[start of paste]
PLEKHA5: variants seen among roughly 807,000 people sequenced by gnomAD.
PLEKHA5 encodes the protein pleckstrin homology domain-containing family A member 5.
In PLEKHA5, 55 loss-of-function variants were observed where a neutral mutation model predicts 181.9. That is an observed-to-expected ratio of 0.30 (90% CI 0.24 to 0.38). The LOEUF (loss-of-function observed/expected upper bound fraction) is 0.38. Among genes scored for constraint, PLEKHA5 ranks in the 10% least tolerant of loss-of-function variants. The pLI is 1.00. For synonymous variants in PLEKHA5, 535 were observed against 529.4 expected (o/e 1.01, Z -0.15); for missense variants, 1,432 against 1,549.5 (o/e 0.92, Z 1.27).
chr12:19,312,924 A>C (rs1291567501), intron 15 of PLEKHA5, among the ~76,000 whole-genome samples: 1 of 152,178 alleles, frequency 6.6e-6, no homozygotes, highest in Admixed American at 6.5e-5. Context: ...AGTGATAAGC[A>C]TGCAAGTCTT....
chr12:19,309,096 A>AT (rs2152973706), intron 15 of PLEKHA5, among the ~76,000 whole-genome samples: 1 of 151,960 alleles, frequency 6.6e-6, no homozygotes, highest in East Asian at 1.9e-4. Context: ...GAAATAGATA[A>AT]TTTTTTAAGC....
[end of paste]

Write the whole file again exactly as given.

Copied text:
PLEKHA5: variants seen among roughly 807,000 people sequenced by gnomAD.
PLEKHA5 encodes the protein pleckstrin homology domain-containing family A member 5.
In PLEKHA5, 55 loss-of-function variants were observed where a neutral mutation model predicts 181.9. That is an observed-to-expected ratio of 0.30 (90% CI 0.24 to 0.38). The LOEUF (loss-of-function observed/expected upper bound fraction) is 0.38. Among genes scored for constraint, PLEKHA5 ranks in the 10% least tolerant of loss-of-function variants. The pLI is 1.00. For synonymous variants in PLEKHA5, 535 were observed against 529.4 expected (o/e 1.01, Z -0.15); for missense variants, 1,432 against 1,549.5 (o/e 0.92, Z 1.27).
chr12:19,312,924 A>C (rs1291567501), intron 15 of PLEKHA5, among the ~76,000 whole-genome samples: 1 of 152,178 alleles, frequency 6.6e-6, no homozygotes, highest in Admixed American at 6.5e-5. Context: ...AGTGATAAGC[A>C]TGCAAGTCTT....
chr12:19,309,096 A>AT (rs2152973706), intron 15 of PLEKHA5, among the ~76,000 whole-genome samples: 1 of 151,960 alleles, frequency 6.6e-6, no homozygotes, highest in East Asian at 1.9e-4. Context: ...GAAATAGATA[A>AT]TTTTTTAAGC....